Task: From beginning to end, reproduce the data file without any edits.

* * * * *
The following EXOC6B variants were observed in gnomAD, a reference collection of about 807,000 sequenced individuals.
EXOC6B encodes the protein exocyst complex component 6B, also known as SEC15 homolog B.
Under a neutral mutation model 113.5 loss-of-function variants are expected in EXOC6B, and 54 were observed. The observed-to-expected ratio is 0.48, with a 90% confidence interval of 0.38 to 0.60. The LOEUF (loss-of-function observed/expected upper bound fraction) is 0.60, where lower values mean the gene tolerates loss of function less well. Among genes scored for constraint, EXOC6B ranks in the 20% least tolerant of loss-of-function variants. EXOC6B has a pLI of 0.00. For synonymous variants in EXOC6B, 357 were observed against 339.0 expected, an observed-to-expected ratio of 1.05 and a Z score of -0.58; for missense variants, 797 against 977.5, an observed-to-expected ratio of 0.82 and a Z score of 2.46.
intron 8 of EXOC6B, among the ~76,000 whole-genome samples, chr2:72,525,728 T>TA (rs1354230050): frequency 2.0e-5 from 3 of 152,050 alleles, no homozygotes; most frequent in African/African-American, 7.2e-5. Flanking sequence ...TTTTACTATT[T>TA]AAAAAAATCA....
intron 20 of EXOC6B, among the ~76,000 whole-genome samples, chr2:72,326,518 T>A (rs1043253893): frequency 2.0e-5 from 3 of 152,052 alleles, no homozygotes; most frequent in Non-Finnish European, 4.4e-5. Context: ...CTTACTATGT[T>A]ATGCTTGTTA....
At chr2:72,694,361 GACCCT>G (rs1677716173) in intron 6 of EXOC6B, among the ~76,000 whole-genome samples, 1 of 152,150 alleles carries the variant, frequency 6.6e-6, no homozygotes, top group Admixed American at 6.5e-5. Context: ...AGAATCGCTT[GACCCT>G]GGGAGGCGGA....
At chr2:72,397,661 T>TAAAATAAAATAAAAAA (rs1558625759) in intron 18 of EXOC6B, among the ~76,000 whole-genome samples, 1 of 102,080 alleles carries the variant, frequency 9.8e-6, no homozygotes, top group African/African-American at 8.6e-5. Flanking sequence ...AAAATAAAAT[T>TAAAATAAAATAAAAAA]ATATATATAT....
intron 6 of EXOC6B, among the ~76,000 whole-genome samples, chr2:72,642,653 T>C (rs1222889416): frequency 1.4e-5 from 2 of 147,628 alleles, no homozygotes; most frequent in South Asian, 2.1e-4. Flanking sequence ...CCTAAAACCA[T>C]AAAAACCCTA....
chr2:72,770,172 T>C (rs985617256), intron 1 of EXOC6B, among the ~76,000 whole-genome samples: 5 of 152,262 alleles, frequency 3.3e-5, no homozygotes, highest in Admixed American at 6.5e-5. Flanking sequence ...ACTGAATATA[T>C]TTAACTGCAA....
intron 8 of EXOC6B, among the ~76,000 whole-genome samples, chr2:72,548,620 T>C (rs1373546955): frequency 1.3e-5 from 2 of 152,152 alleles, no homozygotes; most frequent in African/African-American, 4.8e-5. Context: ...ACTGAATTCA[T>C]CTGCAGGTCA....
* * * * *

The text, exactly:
The following EXOC6B variants were observed in gnomAD, a reference collection of about 807,000 sequenced individuals.
EXOC6B encodes the protein exocyst complex component 6B, also known as SEC15 homolog B.
Under a neutral mutation model 113.5 loss-of-function variants are expected in EXOC6B, and 54 were observed. The observed-to-expected ratio is 0.48, with a 90% confidence interval of 0.38 to 0.60. The LOEUF (loss-of-function observed/expected upper bound fraction) is 0.60, where lower values mean the gene tolerates loss of function less well. Among genes scored for constraint, EXOC6B ranks in the 20% least tolerant of loss-of-function variants. EXOC6B has a pLI of 0.00. For synonymous variants in EXOC6B, 357 were observed against 339.0 expected, an observed-to-expected ratio of 1.05 and a Z score of -0.58; for missense variants, 797 against 977.5, an observed-to-expected ratio of 0.82 and a Z score of 2.46.
intron 8 of EXOC6B, among the ~76,000 whole-genome samples, chr2:72,525,728 T>TA (rs1354230050): frequency 2.0e-5 from 3 of 152,050 alleles, no homozygotes; most frequent in African/African-American, 7.2e-5. Flanking sequence ...TTTTACTATT[T>TA]AAAAAAATCA....
intron 20 of EXOC6B, among the ~76,000 whole-genome samples, chr2:72,326,518 T>A (rs1043253893): frequency 2.0e-5 from 3 of 152,052 alleles, no homozygotes; most frequent in Non-Finnish European, 4.4e-5. Context: ...CTTACTATGT[T>A]ATGCTTGTTA....
At chr2:72,694,361 GACCCT>G (rs1677716173) in intron 6 of EXOC6B, among the ~76,000 whole-genome samples, 1 of 152,150 alleles carries the variant, frequency 6.6e-6, no homozygotes, top group Admixed American at 6.5e-5. Context: ...AGAATCGCTT[GACCCT>G]GGGAGGCGGA....
At chr2:72,397,661 T>TAAAATAAAATAAAAAA (rs1558625759) in intron 18 of EXOC6B, among the ~76,000 whole-genome samples, 1 of 102,080 alleles carries the variant, frequency 9.8e-6, no homozygotes, top group African/African-American at 8.6e-5. Flanking sequence ...AAAATAAAAT[T>TAAAATAAAATAAAAAA]ATATATATAT....
intron 6 of EXOC6B, among the ~76,000 whole-genome samples, chr2:72,642,653 T>C (rs1222889416): frequency 1.4e-5 from 2 of 147,628 alleles, no homozygotes; most frequent in South Asian, 2.1e-4. Flanking sequence ...CCTAAAACCA[T>C]AAAAACCCTA....
chr2:72,770,172 T>C (rs985617256), intron 1 of EXOC6B, among the ~76,000 whole-genome samples: 5 of 152,262 alleles, frequency 3.3e-5, no homozygotes, highest in Admixed American at 6.5e-5. Flanking sequence ...ACTGAATATA[T>C]TTAACTGCAA....
intron 8 of EXOC6B, among the ~76,000 whole-genome samples, chr2:72,548,620 T>C (rs1373546955): frequency 1.3e-5 from 2 of 152,152 alleles, no homozygotes; most frequent in African/African-American, 4.8e-5. Context: ...ACTGAATTCA[T>C]CTGCAGGTCA....